The global tanker market will be dominated by opposing factors in 2016 and 2017.
Despite relatively low prices and geopolitical risks, the supply of oil is
likely to remain high. At the same time, some (unconventional) sources will
remain under pressure in view of the price situation. In terms of demand, many
emerging countries will probably continue importing more oil. For the time being,
oil imports could also increase in the US – at least as long as oil prices remain
relatively low and few new sources within the country are exploited. However, it
remains to be seen whether the effect of stockpiling (such as in China) has as
much of an impact as in 2015. In addition, global economic growth remains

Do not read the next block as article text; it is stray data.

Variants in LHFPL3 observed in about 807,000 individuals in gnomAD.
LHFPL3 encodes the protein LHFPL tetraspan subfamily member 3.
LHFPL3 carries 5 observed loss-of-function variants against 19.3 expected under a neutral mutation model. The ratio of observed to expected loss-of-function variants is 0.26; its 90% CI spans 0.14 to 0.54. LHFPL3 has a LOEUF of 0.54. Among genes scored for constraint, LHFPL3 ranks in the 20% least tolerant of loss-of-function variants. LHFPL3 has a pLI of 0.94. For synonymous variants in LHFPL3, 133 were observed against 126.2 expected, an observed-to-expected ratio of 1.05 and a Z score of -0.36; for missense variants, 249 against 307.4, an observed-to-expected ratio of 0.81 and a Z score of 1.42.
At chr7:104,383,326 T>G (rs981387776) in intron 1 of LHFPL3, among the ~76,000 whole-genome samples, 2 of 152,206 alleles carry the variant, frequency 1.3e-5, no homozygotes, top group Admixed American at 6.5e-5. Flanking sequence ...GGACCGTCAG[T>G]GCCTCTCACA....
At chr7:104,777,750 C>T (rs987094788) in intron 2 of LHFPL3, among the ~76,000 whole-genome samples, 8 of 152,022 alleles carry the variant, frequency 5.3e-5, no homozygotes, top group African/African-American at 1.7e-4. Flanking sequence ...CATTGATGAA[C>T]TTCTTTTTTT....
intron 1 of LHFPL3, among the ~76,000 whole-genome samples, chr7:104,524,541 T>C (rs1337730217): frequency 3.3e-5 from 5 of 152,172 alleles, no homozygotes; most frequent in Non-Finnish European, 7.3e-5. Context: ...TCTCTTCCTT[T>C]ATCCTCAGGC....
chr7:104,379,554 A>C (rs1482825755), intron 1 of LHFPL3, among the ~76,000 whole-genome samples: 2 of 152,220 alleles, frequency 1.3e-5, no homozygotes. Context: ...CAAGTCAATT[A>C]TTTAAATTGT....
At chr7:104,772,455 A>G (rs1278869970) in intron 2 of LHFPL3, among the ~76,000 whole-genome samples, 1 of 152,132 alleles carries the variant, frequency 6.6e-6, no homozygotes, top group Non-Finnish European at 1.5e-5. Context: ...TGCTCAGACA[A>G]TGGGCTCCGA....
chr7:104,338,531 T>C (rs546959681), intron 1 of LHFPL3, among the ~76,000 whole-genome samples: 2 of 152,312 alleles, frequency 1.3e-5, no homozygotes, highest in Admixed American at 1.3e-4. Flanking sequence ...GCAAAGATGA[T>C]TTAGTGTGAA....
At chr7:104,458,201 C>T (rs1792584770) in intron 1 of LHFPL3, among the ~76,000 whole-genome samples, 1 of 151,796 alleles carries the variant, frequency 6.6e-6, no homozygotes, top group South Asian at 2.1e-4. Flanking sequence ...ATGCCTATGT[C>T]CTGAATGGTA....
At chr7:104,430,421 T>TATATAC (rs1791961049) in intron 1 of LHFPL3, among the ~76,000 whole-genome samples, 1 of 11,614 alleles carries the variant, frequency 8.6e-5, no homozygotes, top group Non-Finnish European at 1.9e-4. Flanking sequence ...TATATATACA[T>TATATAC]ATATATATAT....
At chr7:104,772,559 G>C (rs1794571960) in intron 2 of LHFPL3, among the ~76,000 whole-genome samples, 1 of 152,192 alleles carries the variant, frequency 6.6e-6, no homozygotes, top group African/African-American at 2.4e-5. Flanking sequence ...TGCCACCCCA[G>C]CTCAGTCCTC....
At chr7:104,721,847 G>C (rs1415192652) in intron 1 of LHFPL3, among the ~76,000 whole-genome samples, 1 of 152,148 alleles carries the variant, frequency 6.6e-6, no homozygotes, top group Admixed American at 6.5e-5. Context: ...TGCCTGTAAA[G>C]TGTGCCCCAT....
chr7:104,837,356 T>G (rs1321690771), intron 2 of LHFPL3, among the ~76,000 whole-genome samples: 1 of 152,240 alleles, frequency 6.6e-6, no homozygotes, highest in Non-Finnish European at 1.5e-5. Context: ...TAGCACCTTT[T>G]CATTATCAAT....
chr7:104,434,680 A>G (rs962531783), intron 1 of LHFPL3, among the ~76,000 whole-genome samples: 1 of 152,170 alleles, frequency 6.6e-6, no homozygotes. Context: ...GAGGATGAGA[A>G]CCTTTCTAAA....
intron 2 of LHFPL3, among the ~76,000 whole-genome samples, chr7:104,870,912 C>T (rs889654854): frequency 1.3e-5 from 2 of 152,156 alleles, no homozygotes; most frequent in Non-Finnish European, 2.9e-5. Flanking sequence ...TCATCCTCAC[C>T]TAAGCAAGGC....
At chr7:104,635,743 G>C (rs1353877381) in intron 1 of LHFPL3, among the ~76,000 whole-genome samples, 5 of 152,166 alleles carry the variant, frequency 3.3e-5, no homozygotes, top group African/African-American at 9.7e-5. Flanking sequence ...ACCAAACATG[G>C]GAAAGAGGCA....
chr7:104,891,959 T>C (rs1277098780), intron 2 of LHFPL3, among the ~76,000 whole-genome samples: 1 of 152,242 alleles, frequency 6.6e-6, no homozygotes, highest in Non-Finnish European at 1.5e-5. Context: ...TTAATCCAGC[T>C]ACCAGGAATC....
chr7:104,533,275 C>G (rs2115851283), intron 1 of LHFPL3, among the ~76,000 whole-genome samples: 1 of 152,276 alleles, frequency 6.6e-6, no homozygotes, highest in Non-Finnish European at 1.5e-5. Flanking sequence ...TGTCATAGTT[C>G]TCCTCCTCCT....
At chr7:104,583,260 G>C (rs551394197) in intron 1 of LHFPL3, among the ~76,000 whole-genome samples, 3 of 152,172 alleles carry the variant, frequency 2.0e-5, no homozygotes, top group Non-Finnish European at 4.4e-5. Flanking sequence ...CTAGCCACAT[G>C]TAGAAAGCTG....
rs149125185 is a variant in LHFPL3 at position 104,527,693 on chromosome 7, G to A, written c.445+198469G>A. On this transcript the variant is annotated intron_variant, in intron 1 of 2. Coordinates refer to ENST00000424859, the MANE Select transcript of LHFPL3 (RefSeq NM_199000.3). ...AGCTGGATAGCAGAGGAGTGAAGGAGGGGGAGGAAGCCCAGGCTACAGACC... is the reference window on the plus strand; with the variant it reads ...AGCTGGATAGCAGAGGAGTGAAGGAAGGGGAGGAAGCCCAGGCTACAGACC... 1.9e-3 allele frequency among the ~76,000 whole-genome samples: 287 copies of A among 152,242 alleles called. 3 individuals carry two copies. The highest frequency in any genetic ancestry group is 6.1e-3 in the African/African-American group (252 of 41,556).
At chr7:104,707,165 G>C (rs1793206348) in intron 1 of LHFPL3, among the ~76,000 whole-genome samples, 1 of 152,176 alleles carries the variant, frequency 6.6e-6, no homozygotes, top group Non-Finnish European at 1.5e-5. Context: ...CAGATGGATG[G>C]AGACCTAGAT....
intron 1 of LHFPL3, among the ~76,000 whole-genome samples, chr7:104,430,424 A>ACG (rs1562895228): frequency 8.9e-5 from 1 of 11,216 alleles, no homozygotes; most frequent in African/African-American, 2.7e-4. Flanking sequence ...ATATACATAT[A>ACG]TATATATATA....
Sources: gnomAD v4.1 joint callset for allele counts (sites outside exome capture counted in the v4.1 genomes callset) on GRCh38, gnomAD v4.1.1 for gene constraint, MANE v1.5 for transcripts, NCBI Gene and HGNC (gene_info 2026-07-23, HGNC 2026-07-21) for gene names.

weak. Weather conditions in the upcoming winter season in the northern
hemisphere will also have an effect on oil demand, of course. According to our
forecast, international crude oil trading, which sets the course for transport
activities with the corresponding tankers, will probably grow slower in 2016 and
2017 than in 2015.
In late September, the announcement by OPEC members
that they would decrease production caused prices to rise to above USD 50 per
barrel (Brent), nearly double the low for the year recorded in January 2016.